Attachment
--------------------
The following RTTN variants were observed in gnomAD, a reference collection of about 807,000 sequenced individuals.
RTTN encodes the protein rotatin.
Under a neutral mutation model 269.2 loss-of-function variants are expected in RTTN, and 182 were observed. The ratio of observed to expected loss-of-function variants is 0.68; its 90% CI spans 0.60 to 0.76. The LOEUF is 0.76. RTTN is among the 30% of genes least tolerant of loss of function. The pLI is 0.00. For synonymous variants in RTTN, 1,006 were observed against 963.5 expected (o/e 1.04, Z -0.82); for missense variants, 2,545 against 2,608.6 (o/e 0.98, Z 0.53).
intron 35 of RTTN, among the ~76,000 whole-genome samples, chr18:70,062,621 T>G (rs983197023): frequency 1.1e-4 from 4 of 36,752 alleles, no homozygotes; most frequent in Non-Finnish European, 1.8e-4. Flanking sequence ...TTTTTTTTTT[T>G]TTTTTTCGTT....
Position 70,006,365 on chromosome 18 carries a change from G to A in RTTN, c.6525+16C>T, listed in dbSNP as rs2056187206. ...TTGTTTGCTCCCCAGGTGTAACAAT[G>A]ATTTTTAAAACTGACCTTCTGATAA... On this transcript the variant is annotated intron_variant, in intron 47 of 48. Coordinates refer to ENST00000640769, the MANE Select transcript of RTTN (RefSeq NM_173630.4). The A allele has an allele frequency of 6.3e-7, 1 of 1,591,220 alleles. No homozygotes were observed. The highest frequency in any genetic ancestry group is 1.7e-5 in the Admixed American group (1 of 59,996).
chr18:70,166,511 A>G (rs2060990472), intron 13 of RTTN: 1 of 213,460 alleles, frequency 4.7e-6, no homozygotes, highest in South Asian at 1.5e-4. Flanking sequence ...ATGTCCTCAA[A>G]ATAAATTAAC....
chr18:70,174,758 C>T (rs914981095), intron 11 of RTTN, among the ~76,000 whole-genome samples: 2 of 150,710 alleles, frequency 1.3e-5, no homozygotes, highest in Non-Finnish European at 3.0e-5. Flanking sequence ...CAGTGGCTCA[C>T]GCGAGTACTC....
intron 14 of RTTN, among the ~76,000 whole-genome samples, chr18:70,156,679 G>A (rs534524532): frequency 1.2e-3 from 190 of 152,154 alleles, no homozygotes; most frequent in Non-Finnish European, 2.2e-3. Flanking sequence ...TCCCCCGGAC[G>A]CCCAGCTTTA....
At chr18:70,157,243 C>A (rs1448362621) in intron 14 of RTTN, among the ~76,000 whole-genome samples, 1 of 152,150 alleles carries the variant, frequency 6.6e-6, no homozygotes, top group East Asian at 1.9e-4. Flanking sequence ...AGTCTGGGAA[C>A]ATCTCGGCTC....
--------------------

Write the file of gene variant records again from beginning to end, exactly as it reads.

The following RTTN variants were observed in gnomAD, a reference collection of about 807,000 sequenced individuals.
RTTN encodes the protein rotatin.
Under a neutral mutation model 269.2 loss-of-function variants are expected in RTTN, and 182 were observed. The ratio of observed to expected loss-of-function variants is 0.68; its 90% CI spans 0.60 to 0.76. The LOEUF is 0.76. RTTN is among the 30% of genes least tolerant of loss of function. The pLI is 0.00. For synonymous variants in RTTN, 1,006 were observed against 963.5 expected (o/e 1.04, Z -0.82); for missense variants, 2,545 against 2,608.6 (o/e 0.98, Z 0.53).
intron 35 of RTTN, among the ~76,000 whole-genome samples, chr18:70,062,621 T>G (rs983197023): frequency 1.1e-4 from 4 of 36,752 alleles, no homozygotes; most frequent in Non-Finnish European, 1.8e-4. Flanking sequence ...TTTTTTTTTT[T>G]TTTTTTCGTT....
Position 70,006,365 on chromosome 18 carries a change from G to A in RTTN, c.6525+16C>T, listed in dbSNP as rs2056187206. ...TTGTTTGCTCCCCAGGTGTAACAAT[G>A]ATTTTTAAAACTGACCTTCTGATAA... On this transcript the variant is annotated intron_variant, in intron 47 of 48. Coordinates refer to ENST00000640769, the MANE Select transcript of RTTN (RefSeq NM_173630.4). The A allele has an allele frequency of 6.3e-7, 1 of 1,591,220 alleles. No homozygotes were observed. The highest frequency in any genetic ancestry group is 1.7e-5 in the Admixed American group (1 of 59,996).
chr18:70,166,511 A>G (rs2060990472), intron 13 of RTTN: 1 of 213,460 alleles, frequency 4.7e-6, no homozygotes, highest in South Asian at 1.5e-4. Flanking sequence ...ATGTCCTCAA[A>G]ATAAATTAAC....
chr18:70,174,758 C>T (rs914981095), intron 11 of RTTN, among the ~76,000 whole-genome samples: 2 of 150,710 alleles, frequency 1.3e-5, no homozygotes, highest in Non-Finnish European at 3.0e-5. Flanking sequence ...CAGTGGCTCA[C>T]GCGAGTACTC....
intron 14 of RTTN, among the ~76,000 whole-genome samples, chr18:70,156,679 G>A (rs534524532): frequency 1.2e-3 from 190 of 152,154 alleles, no homozygotes; most frequent in Non-Finnish European, 2.2e-3. Flanking sequence ...TCCCCCGGAC[G>A]CCCAGCTTTA....
At chr18:70,157,243 C>A (rs1448362621) in intron 14 of RTTN, among the ~76,000 whole-genome samples, 1 of 152,150 alleles carries the variant, frequency 6.6e-6, no homozygotes, top group East Asian at 1.9e-4. Flanking sequence ...AGTCTGGGAA[C>A]ATCTCGGCTC....